Rolls-Royce Cullinan SUV.
Cynics snickered when
Rolls-Royce Motor Co. announced in 2015 that it would build a luxury
SUV. They snickered a little more when the fabled English car
company said the SUV would be named Cullinan, after the world’s
largest gem-quality diamond, and would cost more than $300,000.
off-road, ultra-luxury SUV? From Rolls-Royce? Called what? And for
more money than most Americans paid for their houses? Ridiculous!
Keep snickering. The
2019 Rolls-Royce Cullinan is here, and it is ridiculous. And rather
Tipping the scales at
an elephantine 5,984 pounds, propelled by a massive 6.75-liter V-12
twin-turbo engine, the Cullinan looks like what Rolls-Royce says it
is: “The world’s first super-luxury all-terrain SUV.”
It’s enormous —
17.5 feet long, 7 feet wide and more than 6 feet tall, riding on
22-inch wheels — and imposing, from the traditional Rolls-Royce
grille, across a hood long enough to contain the V-12 engine, all
the way to the gaping rear hatchback doors.
The result is one of
the oddest-looking vehicles ever built. It incorporates design
elements no other car company could possibly attempt. The Cullinan
is like a large milk truck, with a cow catcher attached to the
front, that is elegant enough to transport members of the royal
family to the Royal Albert Hall.
The model I drove was
painted Andalusian White, its interior draped in Dark Spice leather
with Mandarin piping, accented with Open Pore Mimosa Calamander wood
paneling, polished stainless steel knobs, a “technical bespoke
clock” and lambswool floormats. Yes, lambswool.
The enveloping front
seats were heated, ventilated, endlessly adjustable and included
massage functions. The enormous rear seats — the Cullinan can be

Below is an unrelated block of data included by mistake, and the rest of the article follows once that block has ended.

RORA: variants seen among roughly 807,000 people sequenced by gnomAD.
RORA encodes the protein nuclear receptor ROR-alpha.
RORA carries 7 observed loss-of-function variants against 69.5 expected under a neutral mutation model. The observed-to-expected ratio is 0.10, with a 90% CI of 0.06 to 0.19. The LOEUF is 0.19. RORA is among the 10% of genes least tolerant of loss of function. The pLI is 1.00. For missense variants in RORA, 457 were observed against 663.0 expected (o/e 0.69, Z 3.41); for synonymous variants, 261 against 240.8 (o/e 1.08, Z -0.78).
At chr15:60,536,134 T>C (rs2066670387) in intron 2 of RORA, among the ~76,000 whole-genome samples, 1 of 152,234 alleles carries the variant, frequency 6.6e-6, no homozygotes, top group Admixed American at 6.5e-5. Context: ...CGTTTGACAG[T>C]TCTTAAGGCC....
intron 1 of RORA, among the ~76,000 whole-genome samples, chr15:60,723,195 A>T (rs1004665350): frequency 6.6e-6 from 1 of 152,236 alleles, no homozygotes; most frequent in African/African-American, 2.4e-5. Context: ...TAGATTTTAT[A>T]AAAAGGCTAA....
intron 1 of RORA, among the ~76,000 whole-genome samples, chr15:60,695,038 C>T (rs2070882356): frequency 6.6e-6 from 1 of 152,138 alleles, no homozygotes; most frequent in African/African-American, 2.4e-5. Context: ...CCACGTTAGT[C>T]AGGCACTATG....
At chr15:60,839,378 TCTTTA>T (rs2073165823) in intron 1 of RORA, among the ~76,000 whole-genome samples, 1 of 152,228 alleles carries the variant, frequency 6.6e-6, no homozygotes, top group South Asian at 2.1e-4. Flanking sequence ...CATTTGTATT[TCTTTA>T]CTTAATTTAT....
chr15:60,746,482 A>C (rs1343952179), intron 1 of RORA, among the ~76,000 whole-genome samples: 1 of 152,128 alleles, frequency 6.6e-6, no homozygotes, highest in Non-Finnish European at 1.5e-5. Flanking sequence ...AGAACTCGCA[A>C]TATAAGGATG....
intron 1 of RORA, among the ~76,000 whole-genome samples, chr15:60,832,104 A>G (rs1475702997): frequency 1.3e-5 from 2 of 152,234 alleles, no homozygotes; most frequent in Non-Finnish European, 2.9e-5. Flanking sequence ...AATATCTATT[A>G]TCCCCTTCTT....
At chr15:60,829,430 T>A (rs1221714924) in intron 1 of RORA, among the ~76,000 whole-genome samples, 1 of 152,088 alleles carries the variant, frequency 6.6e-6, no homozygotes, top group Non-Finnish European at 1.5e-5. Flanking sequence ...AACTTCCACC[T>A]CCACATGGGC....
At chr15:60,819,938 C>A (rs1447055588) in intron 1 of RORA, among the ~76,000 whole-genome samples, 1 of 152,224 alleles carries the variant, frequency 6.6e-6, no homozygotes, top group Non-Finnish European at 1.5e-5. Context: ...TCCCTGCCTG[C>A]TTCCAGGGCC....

had in four- or five-passenger versions — offer vast head and leg
room, and are also highly adjustable.
They face drop-down
“picnic tables,” above which are high-definition entertainment
screens. The center console between the rear seats can be fitted
with accessories such as a beverage service area that includes a
Champagne cooler. Each rear passenger seat also has its own climate
The front and rear
“suicide” doors open and close electronically, and silently,
with the push of a button, enclosing driver and passengers in a cozy
cocoon. But the enormous windshield and tall, wide side windows
create wondrous visibility. The panoramic glass sunroof retracts far
enough for a rear passenger to stand up and parade-wave, like a
queen, to the multitudes.
Is it drizzling? Open
the rear door, push another button and an umbrella glides gently
into your hand — or, presumably, into the hand of the staff member
entrusted with keeping you dry as you exit the vehicle.
Behind the rear seats
is a storage area big enough to accommodate all the golf clubs, gun
bags, luggage or picnic equipment you’d need for a proper
“Downton Abbey” weekend outing.
experience is peerless. Never, perhaps, has so much power been
combined with so much plush. The Cullinan, whether easing through
city traffic or pulsing up the open road, could almost be mistaken
for an electric vehicle.
It is silent,
throbbing gently and making the faintest purr only when under
extreme acceleration, and smoothly indifferent to imperfections in
the road, thanks in part to the sophisticated air suspension system.
The eight-speed transmission, connected to an all-wheel-drive system
that includes rear-wheel steering, is unintrusive and seamless.
I experienced no
difference whatsoever — in wind noise, road noise or vibration —
between 50 miles per hour and twice that. (The Cullinan boasts an
electronically limited top speed of 155 miles per hour. I’m sure
it’s kittenish at that velocity, too.)
The extreme silence
— reportedly the result of specialized foam in the front wheels,
laminated glass and hundreds of extra pounds of sound-deadening
materials — allows the “bespoke audio” and “rear theatre